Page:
Flexible enough for a fancy date night or after-work drinks, Heritage is the type of place whose Happy Hour deal combines $1 oysters and Bud Light. If you dream of eating chicken liver mousse and $140 caviar while wearing jean shorts and a baseball cap, this is the spot you’ve been looking for. And may we just say, you have very strange and specific desires.
Diana’s, an affordable diner with awesome Puerto Rican sandwiches, is another great place to order a jibarito, or an excellent cubano with crisp bread and juicy pulled pork. And if you need an excuse to eat more plantains, they offer a ton of different preparations: alcapurrias, maduras, tostones, and mofongo. This place closes in the early evening, so it’s best to come in for breakfast or lunch. Or breakfast and lunch.
Head here for some of the most satisfying deli sandwiches in the city, made on fresh bread with hearty portions of meat and cheese and finished with extras like creamy garlic mayo and Haus dressing. It’s directly across from the park, and it’s the absolute best stop for all your picnicking needs. The fact that it’s connected to a liquor store means it has a better beer selection than your favorite sports bar, so dining in at Humboldt Haus is a great option, too.
The arepas at Arepa George check all the boxes on the arepa spreadsheet we have hanging on our wall: thin, charred corn cakes with a nice texture, tender shredded meat, gooey cheese, and both aji and salsa rosada for dipping. In short, they’re delicious and you should go order one ASAP. They also serve other traditional Colombian plates like bandeja paisa, along with soup and empanadas.
Nellie’s is a breakfast-lover’s paradise where corn-flake-battered french toast coexists peacefully alongside breakfast jibaritos on the same menu. On weekends they serve breakfast buffet-style, but their weekday special is an omelet with salchichon and maduros, which is a great way to thread the sweet-savory needle if you’re the type of person who can never choose. The special also comes with a cup of their coconut oatmeal, which is so popular that they sell it to go - by the gallon.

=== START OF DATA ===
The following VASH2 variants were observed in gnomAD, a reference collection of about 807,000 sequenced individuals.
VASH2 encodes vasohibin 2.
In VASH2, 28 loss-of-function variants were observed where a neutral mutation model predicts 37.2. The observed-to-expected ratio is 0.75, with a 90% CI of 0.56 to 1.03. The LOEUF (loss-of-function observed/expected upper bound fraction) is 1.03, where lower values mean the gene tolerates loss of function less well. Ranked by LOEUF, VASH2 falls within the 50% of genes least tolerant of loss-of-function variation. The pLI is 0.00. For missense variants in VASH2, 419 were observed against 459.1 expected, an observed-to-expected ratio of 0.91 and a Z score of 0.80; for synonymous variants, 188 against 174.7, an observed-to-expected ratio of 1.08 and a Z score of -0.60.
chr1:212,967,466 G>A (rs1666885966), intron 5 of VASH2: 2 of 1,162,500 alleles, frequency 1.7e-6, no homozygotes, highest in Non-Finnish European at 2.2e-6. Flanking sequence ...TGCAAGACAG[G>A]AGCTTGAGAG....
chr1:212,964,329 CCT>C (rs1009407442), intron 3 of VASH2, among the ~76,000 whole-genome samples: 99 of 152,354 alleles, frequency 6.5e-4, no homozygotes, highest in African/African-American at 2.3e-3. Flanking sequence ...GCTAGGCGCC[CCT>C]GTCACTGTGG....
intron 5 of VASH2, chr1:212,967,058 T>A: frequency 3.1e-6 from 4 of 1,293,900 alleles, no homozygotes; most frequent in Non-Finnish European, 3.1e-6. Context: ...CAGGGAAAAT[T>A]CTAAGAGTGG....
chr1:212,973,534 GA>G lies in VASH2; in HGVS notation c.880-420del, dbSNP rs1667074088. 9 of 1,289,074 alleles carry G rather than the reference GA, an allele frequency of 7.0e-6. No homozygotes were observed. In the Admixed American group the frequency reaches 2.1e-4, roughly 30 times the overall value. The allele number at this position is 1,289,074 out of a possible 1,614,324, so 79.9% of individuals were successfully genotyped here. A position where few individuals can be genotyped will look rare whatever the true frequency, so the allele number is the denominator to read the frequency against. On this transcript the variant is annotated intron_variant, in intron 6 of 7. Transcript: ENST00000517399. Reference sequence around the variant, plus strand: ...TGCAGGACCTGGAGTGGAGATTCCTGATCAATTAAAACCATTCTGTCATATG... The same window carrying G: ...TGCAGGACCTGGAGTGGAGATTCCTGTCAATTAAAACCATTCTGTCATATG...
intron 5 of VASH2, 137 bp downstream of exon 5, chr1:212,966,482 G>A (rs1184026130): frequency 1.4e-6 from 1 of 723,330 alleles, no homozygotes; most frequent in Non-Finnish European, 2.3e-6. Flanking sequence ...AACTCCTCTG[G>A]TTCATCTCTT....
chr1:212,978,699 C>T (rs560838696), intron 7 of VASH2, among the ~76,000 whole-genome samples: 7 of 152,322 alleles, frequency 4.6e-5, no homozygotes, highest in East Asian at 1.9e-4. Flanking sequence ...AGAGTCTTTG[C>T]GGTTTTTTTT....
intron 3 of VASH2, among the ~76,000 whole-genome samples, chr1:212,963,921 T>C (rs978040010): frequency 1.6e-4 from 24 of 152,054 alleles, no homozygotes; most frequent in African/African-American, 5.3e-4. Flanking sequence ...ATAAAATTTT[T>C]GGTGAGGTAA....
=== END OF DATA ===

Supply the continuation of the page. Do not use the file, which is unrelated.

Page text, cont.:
Spinning J is a throwback soda fountain that makes milkshakes, pastries, and excellent sandwiches, like a roasted beet reuben. It’s BYOB, and you can use their housemade sodas as mixers, so grab a seat at the vintage ice cream counter and take your flask of vodka out of your bag - because unlike the Slurpee station at 7-11, you don’t have to hide it when you’re here.
With a chalkboard menu, green lunch trays, and plastic tablecloths, Feed feels like a down-home Southern cafeteria - with cafeteria prices. For under $10, you can get a juicy, well-seasoned quarter rotisserie chicken and pick two sides from a list that we can’t count on two hands. As a bonus, it’s BYOB, and there’s a hidden little patio perfect for family dinners in the summertime.
Cafe Colao has something we wish all coffee shops served: Puerto Rican pastries like flaky pastelillos de guayaba. In addition to their coffee and bakery menu they’ve also got a long list of breakfast and lunch sandwiches, from steak and eggs to medianoches. There’s no WiFi, but there is sidewalk seating perfect for that coffee date you’ve been putting off, or you can take your iced latte for a walk around the park a block away.
The space at Split Rail is light and airy - two words we’d never use to describe their food. Fried chicken is the main reason to come here, but there are also options for people who might not usually get to enjoy fried chicken, like gluten-free breading and a vegan seitan version. Make sure to start the meal with a buttermilk biscuit and chile-maple butter.
Back before the Great Chicago Omakase Restaurant Influx of 2018, there was Kai Zan. This BYOB sushi spot has been around since 2012 and continues to have one of the best omakase options in the city - and also one of the most affordable. For $75, you get 10 courses of delicious sushi and Japanese small plates, including dishes like scallop shooters that you probably won’t see on other menus. If you’re someone who prefers controlling their own destiny, you can order from a separate a la carte menu of sashimi and nigiri instead.